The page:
• Traveled on 11 trips over 35 days traveling 27,472 miles to 19 cities (including layovers, according to TripIt)


  • Spoke at 6 conferences and 2 events
  • Organized 2 events and a conference
  • Wrote 4 blog posts
  • Interviewed on 1 podcast
  • Had 8 job interviews at 2 companies over 1 month (then was hired)
  • Traveled on 16 trips over 66 days traveling 21,144 miles to 25 cities (including layovers, according to TripIt)


In 2017, I started getting my first invites to speak at conferences (as opposed to invites to apply to speak). And in 2018, I gave my first keynote (which I was told was really inspiring). And a bit of foreshadowing, I got accepted to speak at my first international conference, which will be in 2019.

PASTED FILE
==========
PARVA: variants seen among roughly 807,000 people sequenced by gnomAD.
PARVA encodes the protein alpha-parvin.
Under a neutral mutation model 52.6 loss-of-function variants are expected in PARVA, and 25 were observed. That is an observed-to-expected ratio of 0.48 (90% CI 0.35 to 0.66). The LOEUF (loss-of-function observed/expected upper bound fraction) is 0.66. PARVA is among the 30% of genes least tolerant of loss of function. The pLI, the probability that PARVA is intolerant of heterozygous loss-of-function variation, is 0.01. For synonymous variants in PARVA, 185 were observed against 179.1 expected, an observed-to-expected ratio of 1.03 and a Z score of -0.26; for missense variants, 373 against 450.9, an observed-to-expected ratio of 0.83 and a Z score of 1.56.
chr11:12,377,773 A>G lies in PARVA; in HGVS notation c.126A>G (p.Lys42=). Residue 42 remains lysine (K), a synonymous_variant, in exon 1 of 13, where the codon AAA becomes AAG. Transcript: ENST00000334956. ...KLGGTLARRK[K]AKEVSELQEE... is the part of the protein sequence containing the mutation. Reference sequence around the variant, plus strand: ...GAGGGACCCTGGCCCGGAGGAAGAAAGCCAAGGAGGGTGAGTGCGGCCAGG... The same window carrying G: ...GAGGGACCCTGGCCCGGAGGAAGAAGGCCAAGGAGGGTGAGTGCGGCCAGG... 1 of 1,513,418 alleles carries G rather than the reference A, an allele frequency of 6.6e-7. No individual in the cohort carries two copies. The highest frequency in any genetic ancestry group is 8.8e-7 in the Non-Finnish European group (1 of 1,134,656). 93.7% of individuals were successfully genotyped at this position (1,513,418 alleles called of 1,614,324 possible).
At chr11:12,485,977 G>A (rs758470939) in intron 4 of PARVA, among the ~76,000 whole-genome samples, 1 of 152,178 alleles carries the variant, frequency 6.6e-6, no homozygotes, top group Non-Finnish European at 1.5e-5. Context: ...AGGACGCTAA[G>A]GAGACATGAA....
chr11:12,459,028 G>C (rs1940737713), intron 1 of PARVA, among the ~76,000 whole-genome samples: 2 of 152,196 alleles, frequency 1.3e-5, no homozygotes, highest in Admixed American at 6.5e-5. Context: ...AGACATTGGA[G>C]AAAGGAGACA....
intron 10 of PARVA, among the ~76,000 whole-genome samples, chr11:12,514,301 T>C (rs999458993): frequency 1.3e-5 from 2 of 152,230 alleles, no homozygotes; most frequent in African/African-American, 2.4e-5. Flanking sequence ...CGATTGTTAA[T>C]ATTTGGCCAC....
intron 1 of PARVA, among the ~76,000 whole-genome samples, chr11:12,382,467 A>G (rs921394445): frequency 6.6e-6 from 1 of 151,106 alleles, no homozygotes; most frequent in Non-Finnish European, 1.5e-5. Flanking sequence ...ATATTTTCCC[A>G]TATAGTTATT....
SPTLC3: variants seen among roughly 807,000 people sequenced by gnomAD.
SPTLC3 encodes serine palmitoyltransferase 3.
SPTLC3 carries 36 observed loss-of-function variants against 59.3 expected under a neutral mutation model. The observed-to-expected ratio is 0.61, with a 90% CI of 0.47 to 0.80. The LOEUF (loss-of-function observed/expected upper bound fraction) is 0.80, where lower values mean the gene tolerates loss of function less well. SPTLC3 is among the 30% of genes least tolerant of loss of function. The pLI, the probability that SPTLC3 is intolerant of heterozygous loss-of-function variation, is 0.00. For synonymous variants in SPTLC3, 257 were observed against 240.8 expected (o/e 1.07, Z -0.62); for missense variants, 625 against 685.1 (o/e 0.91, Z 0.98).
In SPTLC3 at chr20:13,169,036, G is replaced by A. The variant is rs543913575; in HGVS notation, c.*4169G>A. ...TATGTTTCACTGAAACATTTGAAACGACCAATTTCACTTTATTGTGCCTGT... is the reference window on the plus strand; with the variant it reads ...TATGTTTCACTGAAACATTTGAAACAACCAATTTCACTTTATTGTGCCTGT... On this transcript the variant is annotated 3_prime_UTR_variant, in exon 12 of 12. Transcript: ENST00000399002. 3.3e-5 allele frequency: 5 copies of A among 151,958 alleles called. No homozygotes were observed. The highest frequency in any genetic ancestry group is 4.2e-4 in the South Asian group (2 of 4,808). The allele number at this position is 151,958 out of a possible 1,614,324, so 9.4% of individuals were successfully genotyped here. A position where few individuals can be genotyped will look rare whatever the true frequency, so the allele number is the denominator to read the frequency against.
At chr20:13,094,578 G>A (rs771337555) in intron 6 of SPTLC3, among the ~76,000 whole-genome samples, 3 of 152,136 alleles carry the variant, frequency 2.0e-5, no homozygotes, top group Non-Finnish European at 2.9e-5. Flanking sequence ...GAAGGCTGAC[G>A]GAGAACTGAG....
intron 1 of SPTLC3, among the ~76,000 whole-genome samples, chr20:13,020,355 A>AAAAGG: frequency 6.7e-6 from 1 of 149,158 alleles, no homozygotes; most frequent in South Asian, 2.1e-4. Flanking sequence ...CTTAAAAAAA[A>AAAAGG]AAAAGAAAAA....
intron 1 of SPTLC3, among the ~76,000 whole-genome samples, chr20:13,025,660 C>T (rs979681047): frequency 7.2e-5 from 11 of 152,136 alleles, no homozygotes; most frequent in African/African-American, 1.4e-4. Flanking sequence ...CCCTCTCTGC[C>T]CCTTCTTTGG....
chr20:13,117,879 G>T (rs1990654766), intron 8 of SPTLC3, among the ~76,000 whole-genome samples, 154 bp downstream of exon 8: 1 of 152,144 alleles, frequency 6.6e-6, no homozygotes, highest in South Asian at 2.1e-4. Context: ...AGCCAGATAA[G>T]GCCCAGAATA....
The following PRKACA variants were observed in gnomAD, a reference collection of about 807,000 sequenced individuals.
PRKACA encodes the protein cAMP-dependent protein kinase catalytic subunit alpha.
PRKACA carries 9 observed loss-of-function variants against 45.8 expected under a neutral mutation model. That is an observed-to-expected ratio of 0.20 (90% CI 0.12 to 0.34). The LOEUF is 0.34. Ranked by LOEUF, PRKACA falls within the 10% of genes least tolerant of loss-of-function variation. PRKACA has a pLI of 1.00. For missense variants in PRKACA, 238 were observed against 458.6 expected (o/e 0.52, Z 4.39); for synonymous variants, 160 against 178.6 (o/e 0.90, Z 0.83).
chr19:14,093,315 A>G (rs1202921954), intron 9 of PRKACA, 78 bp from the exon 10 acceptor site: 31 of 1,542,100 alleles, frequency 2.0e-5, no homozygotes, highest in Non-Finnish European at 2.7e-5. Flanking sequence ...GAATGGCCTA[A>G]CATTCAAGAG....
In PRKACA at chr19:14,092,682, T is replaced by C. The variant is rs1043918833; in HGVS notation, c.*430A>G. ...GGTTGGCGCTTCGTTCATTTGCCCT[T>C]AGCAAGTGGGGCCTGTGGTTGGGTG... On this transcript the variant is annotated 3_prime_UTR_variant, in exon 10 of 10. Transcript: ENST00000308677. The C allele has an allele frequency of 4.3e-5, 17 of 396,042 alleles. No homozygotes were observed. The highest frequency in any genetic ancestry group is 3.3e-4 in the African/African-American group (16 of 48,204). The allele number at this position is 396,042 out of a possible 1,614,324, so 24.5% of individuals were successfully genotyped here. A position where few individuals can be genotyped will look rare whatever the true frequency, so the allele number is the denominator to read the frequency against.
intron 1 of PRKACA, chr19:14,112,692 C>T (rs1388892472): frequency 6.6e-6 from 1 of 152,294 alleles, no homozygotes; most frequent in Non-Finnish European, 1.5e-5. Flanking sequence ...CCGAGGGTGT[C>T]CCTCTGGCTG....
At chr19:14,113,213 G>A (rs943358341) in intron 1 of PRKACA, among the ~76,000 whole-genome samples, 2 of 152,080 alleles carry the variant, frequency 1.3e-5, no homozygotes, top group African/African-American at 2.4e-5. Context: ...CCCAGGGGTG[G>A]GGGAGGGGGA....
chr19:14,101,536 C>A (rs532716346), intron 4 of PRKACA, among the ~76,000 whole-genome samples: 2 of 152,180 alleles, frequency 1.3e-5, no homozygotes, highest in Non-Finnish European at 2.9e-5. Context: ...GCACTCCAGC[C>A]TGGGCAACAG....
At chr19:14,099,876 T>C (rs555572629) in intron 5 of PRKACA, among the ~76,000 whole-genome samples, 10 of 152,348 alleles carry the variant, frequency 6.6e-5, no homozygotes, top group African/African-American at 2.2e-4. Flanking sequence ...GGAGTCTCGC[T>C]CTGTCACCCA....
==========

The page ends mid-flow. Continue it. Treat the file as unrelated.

In 2017, I also did something a bit different. A friend of mine was one of the producers for Listen To Your Mother, a nationwide series of shows where people read personal essays about motherhood. At the suggestion of my friend, I submitted an essay I wrote in 2013, and it was accepted. I read this essay to the crowd, among about a dozen other really powerful essays. Some were funny, some sad, some just deep (like mine). It’s not my normal type of thing, but I’m glad I did that too.

Talks (2017):

  • “I’d Like To Be A Mother Someday, But…” (Listen to Your Mother 2017 essay, gave once)
  • How to Start a Podcast (lightning talk, gave 1x)
  • The Power of Secrets (conference talk, gave 2x for total of 3 times)
  • Life as a Midwestern Developer (conference talk, gave 1x)
  • Intro to Hacking with the Raspberry Pi (conference talk, gave 1x for total of 7 times)
  • Pursuing a Passion Project: Struggles and Successes (conference talk, gave 1x)

Talks (2018):

  • “Doors” (keynote, gave once)
  • Was emcee for Heartifacts conference (2 days)
  • Building Your Team to Last (conference talk, gave 1x for a total of 3 times)